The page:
Outlook Overload (Pt. 2)

Too Many Emails!

In part two of Outlook Overload we look at the Inbox. Whether you are a believer in Inbox Zero or not, if you work in tech today you will spend more time than you really wish to managing your incoming email. The following bullet points were also created as part of an online reference at my previous assignment. With the permission of my previous employer, I share them here with you. The two parts together formed a wiki document to reference when bringing people in or when either meetings or emails started to get out of hand.

Do:

  • Do be sure to specify the recipient in the opening of the email if you are responding to a particular party and especially if you are looking for a response from that party. Received emails that don’t seem to be to anyone in particular may not be answered because every party assumes that it is addressed to someone else.
  • Do use the To, and CC fields properly to indicate why a recipient is receiving the email. Generally if someone is in the To field, they are expected to actively participate in the thread through replies, etc. If someone is listed only in the CC it is for general knowledge and information sharing, not action taking.
  • Do ask to have a Jira* ticket created when someone starts an email thread about an issue or problem that would normally have a ticket in Jira for handling.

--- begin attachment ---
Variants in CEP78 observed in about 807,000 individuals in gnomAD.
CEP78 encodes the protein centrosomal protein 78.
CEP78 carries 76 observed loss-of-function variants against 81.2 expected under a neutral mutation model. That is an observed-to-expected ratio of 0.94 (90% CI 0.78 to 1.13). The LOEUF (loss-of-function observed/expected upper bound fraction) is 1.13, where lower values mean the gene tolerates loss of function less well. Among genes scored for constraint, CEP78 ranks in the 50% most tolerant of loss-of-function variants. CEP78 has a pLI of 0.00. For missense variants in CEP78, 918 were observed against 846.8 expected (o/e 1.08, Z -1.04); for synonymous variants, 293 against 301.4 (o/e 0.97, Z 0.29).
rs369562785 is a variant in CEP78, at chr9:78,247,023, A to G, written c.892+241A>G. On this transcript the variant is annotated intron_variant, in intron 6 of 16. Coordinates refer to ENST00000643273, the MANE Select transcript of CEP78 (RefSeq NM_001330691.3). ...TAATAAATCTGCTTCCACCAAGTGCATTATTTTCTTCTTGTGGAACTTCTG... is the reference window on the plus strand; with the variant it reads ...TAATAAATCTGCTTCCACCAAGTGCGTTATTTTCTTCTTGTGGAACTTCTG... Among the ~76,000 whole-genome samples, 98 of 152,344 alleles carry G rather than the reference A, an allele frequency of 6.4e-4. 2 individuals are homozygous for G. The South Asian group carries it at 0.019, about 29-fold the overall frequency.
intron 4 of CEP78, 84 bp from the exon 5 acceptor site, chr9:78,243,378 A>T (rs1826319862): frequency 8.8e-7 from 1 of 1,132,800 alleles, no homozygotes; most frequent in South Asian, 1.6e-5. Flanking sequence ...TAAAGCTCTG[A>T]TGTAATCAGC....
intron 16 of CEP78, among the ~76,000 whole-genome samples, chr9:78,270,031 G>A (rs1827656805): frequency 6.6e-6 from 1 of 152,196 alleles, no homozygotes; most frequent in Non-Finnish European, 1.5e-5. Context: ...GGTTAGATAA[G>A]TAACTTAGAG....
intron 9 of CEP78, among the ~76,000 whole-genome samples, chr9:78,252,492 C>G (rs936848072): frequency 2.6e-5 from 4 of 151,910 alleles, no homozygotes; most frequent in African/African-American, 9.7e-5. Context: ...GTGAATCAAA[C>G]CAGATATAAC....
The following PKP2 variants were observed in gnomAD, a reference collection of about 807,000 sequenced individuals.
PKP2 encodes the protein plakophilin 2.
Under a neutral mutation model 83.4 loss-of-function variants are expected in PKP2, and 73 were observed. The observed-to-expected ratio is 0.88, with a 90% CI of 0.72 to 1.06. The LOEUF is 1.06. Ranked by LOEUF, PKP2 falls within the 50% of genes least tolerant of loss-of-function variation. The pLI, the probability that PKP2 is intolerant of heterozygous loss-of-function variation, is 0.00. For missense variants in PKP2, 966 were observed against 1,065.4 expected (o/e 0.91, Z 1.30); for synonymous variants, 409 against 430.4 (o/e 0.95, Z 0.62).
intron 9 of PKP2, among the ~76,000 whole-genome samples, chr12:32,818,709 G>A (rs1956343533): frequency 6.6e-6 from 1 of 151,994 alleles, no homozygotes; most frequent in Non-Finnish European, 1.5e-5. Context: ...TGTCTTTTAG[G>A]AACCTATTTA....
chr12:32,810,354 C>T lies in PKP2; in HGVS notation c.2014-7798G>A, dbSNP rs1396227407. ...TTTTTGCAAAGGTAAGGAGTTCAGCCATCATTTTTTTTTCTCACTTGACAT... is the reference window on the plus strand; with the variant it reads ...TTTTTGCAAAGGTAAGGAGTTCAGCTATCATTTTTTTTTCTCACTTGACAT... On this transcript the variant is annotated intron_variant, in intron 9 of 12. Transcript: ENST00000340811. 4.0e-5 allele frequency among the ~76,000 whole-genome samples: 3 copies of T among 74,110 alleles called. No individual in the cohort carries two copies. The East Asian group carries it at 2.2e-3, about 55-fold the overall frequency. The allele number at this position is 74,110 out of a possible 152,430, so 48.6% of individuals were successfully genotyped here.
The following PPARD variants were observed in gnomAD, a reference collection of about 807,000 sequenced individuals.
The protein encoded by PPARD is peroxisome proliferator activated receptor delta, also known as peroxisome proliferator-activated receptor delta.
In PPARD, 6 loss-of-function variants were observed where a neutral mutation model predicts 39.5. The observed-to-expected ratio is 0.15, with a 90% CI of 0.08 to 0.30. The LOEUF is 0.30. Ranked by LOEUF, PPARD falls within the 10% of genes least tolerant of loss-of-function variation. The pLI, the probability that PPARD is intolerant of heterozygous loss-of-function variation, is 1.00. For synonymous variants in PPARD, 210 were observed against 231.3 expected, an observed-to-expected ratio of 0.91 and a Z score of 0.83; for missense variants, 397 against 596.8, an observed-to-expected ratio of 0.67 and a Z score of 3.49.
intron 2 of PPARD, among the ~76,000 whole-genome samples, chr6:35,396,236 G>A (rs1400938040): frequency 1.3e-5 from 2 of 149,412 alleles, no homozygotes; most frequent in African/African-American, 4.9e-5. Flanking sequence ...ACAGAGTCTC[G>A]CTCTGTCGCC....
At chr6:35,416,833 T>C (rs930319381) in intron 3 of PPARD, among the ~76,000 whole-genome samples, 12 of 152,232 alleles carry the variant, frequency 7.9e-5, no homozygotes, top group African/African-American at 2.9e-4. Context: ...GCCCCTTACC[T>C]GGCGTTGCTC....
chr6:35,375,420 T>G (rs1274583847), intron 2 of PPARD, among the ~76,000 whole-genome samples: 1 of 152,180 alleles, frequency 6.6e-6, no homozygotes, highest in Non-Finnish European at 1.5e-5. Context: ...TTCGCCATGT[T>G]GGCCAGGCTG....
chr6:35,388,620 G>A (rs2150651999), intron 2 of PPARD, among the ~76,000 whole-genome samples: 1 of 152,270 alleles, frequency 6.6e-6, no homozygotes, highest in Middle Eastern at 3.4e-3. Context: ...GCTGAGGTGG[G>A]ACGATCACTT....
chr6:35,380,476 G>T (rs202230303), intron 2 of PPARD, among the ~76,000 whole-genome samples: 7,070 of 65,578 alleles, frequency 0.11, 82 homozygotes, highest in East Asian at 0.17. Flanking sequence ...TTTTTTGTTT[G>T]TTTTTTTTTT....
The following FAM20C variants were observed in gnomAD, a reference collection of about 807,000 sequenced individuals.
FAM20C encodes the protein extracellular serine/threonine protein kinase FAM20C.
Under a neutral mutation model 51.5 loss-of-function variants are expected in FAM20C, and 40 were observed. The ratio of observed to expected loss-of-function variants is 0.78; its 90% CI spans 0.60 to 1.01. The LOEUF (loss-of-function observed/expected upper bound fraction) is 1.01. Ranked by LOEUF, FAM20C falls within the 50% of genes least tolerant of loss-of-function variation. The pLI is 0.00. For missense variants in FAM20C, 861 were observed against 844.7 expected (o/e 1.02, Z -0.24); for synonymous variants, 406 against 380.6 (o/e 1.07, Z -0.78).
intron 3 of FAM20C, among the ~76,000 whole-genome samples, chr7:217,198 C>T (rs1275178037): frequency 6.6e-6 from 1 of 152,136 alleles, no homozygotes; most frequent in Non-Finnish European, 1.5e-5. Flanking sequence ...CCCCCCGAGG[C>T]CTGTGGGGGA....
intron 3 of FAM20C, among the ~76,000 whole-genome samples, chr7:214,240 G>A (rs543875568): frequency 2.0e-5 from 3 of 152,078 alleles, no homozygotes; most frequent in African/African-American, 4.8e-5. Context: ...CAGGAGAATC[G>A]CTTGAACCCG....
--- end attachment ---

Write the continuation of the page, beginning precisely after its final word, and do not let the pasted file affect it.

• Do look to see if you are being asked to respond directly to the email or if there is an action item that you need to follow up on.
  • Do ensure that you use the subject line to convey the subject of the email.
  • Do change the subject line if a thread changes to a different topic – or better yet, start a new thread if the topic is email worthy.
  • Do re-read your email before you send it to ensure that it is grammatically correct and error free.
  • Do be sure that your signature line has all of your contact information.
  • Do add “FYI” to the top of an email when you are forwarding it to someone else just for their general knowledge.

Don’t:

  • Don’t reply to an email without starting the email with the person’s name to whom you are addressing the email; or starting with “All”, “Team”, etc. when sending to multiple persons.
  • Don’t assume that you will get a direct response if it isn’t clear to whom you are seeking a response from.
  • Don’t assume that just because someone was cc’d on an email that they are following the whole topic thread and are up to date on all of the details.

 

Pay it forward!

Following these guidelines will only help so much, I recommend a judicious amount of categorizing and filtering too. The success of these guidelines can only be truly felt when each team member buys into the change in the way they schedule meetings and send email – the more people follow, the greater the benefit.

Outlook Overload Part 1

Also be sure to check out this handy and fun “Should I send this email” infographic from the folks at OnlineITDegree.net.

 

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Footnote:

*Jira is an popular issue tracking tool often used for tracking defects in software. This may not apply to every reader, but it was an important factor in our process flow.